All-American defensive back Mike Brown played 10 years in the NFL.
By Randy York
In 1997, ’98 and ’99, Mike Brown started his last 36 games at Nebraska. He played in two Orange Bowls, a Fiesta Bowl and a Holiday Bowl. Before Barrett Ruud became a Husker, Brown was Nebraska’s second all-time leading tackler behind Jerry Murtaugh. Brown capped his collegiate career as a First-Team All-American, a First-Team Academic All-American and a true legend who last August drew a slew of fan votes on Huskers.com to become one of Nebraska’s eight favorite Blackshirts of all time. In this the 50th anniversary of the fabled black jerseys, we salute the Huskers’ defensive “rover” who went on to play 10 years in the NFL – nine with the Chicago Bears and his final year with the Kansas City Chiefs. Brown started 115 of the 116 NFL games in which he played. He made 496 solo tackles, had 114 assists, intercepted 20 passes, forced eight fumbles and recovered eight fumbles that resulted in three more touchdowns. Brown is a driven but quiet and humble man who prefers to talk about anybody but himself. With our utmost respect for Brown, the N-Sider asked Kim Schellpeper, a longtime Nebraska Athletics academic counselor who was a mentor to Brown and remains a close friend. Please join our conversation to appreciate Schellpeper’s insight on Mike Brown, the All-American, the Academic All-American, the Husker legend:
Q: Mike Brown has always said you’re the reason he’s an Academic All-American. Is that true and please elaborate on why it is or isn’t true?
A: Yes, he’s said that to me as well, but honestly I’m not sure why. I don’t think there was ever much doubt that Mike had the academic ability as well as the athletic talent that would one day make him a great candidate for Academic All-America honors. To be honest, I never really thought that Mike needed my assistance, or anyone else’s for that matter, in order to do well in school. From the very beginning, Mike understood what it took to do well in school. It wasn’t anything that he needed to be taught or have explained. I remember asking Mike how he managed being a successful student while being a Division I student-athlete. Mike told me he had a rule - always do your homework first, have fun with teammates and friends second. I remember being so blown away to hear such maturity and wisdom coming from an 18 year old freshman. He had already mastered what some of his older teammates were still trying to figure out. Whatever role I played, if any, in Mike’s success was certainly secondary to Mike’s work ethic and academic talent. I remember having conversations about academic honors such as Academic All-American, but it wasn’t until after Mike earned Academic All-American recognition that he admitted to me that earning that honor had been on his radar since that first year.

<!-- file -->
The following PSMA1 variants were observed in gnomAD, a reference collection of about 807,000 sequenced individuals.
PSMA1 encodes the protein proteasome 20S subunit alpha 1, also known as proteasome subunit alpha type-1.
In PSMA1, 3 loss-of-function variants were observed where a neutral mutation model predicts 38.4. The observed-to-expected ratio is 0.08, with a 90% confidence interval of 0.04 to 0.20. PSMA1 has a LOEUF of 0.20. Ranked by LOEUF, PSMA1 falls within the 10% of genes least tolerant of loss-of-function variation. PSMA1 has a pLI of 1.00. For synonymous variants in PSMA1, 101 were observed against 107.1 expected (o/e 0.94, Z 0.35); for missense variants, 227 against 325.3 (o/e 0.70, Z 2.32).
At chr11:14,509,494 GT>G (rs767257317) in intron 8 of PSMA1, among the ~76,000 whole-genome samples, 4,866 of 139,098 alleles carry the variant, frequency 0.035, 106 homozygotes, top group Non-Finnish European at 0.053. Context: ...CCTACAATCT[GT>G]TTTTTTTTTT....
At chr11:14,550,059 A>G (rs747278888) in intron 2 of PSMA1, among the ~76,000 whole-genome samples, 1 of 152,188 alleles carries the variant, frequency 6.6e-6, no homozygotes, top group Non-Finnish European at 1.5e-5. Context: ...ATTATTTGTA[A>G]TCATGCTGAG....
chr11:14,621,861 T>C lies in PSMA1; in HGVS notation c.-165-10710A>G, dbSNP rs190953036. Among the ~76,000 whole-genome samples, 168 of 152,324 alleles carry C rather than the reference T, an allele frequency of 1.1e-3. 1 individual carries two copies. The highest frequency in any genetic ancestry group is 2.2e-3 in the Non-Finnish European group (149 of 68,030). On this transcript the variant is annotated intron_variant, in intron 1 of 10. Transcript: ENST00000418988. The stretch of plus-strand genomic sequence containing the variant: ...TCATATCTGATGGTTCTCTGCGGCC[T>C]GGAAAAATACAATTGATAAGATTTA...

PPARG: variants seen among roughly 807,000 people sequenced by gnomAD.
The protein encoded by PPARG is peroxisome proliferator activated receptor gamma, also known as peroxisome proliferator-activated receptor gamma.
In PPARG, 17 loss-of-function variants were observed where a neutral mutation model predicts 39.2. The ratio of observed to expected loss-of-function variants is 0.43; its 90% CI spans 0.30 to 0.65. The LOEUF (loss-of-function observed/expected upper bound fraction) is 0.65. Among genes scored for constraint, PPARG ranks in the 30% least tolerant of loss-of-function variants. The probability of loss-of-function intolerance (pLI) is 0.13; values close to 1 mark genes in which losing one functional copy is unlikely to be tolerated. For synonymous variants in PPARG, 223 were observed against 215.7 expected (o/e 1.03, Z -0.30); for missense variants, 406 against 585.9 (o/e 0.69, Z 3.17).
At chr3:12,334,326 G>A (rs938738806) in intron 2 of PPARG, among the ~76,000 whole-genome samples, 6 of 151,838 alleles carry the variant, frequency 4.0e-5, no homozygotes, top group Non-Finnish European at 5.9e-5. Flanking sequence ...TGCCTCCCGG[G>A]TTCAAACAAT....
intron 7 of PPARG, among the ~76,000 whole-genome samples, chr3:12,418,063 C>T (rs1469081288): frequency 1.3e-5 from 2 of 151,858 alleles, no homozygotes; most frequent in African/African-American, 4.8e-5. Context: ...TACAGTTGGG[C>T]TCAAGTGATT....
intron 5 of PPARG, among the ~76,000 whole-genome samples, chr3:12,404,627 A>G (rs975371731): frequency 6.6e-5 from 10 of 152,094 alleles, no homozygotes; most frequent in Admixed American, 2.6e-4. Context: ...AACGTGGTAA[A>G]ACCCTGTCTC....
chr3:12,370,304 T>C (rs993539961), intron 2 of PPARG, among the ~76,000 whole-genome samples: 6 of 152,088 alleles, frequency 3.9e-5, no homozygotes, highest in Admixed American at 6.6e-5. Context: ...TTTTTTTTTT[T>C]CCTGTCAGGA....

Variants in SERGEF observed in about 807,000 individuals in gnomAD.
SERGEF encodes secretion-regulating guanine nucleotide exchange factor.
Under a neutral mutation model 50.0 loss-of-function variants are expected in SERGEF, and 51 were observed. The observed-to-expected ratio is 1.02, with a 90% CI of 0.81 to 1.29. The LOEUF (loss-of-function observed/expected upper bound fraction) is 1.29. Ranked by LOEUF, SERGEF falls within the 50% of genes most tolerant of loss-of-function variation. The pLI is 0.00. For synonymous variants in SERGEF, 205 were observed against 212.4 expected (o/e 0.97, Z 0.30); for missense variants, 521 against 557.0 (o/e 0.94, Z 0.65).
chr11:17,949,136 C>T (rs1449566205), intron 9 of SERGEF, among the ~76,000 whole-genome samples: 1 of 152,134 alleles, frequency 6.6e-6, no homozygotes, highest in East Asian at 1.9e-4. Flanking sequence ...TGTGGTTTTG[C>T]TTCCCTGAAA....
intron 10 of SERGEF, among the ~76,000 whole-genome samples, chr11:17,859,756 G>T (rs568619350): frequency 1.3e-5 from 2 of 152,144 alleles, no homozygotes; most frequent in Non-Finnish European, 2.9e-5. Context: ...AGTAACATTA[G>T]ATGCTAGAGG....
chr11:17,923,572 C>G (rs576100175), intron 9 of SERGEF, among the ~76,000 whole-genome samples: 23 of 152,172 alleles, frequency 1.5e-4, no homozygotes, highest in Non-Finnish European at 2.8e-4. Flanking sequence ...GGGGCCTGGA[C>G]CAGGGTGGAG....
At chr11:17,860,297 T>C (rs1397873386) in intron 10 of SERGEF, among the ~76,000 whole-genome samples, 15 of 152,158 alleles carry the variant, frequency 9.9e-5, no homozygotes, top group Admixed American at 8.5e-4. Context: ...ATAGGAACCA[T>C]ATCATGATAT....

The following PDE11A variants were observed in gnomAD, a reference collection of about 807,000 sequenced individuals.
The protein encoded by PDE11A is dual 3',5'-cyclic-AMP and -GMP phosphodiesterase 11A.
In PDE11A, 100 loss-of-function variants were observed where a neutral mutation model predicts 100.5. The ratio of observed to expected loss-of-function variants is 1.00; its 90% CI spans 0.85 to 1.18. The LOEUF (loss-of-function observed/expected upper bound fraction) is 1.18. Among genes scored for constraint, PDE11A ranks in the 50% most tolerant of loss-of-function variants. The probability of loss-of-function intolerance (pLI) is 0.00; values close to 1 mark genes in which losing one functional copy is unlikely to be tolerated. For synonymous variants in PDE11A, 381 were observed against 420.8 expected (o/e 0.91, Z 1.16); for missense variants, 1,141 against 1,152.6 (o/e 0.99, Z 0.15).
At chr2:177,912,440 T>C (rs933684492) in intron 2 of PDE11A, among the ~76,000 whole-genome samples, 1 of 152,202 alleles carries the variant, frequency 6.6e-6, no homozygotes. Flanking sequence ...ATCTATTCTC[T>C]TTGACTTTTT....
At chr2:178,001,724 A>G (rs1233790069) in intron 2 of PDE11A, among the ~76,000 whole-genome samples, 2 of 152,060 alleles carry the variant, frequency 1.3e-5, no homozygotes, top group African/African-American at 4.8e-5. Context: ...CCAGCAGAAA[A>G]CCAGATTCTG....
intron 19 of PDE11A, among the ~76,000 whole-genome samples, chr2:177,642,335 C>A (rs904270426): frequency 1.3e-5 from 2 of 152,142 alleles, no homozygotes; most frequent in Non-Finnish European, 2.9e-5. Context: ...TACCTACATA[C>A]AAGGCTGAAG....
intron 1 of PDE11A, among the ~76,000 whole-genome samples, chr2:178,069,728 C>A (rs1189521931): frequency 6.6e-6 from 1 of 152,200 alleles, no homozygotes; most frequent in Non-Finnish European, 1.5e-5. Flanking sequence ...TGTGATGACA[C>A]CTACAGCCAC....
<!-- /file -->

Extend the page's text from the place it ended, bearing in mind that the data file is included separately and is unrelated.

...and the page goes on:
Q: When Nebraska went to the Holiday Bowl in San Diego, Mike couldn’t wait to see you, his academic counselor, because you had such a profound effect on the way he sees and approaches life. He told me you helped him keep life in perspective. How do you do that?
A: It’s always a bit daunting for me to hear comments like this, I guess because I’m not thinking about long-term effects when I’m working with students. Most of the time, I’m just hoping to get through the day, the week or the semester! In regard to Mike, there was never a worry about his academic performance, but that isn’t to say that life was always rosy in Lincoln. Most people didn’t know this at the time, but Mike struggled a bit in his transition to Nebraska. In fact, I didn’t even know about it until his mother called me one day and told me that she was worried about him. I don’t believe Mike ever knew about that phone call, but it helped me be more sensitive to what he was going through and to provide him the type of support that he needed to feel comfortable. I always let Mike, and his teammates, know that I was there for them – any time night or day. They knew that I was always willing to listen to their concerns and, if solicited, to offer advice. In effect, I think I more or less, became the Nebraska mom. I was the person who was going to give them a big hug to celebrate their achievements or give them a little push if they needed to pick it up. In addition, I’ve always tried to be honest in my approach. Sometimes, you’ve just got to tell it like it is. Interestingly enough, the one thing former students have always said they appreciated about working with me was my willingness to flat out tell them how it is and how it’s going to be.
Q: What are Mike’s greatest strengths and how does he improve and refine them?
A: Wow, great question and one that I hope I can do justice. Mike is a truly unique individual and someone who doesn’t let a whole lot of people in his inner circle. I know I’ve already mentioned Mike’s great academic and athletic talent – I don’t think anyone can argue with that. One thing that I think went under the radar for those outside of the Athletic Department was Mike’s leadership skills. He brought it every day to practice and he brought it every day to the classroom. What really stands out to me was his quest to always give his best effort and to always expect his teammates and those around him to do the same thing. He was always such a great role model as well as a tremendous asset to our entire program. You know, I think I’m a better person today because I am fortunate enough to know Mike Brown.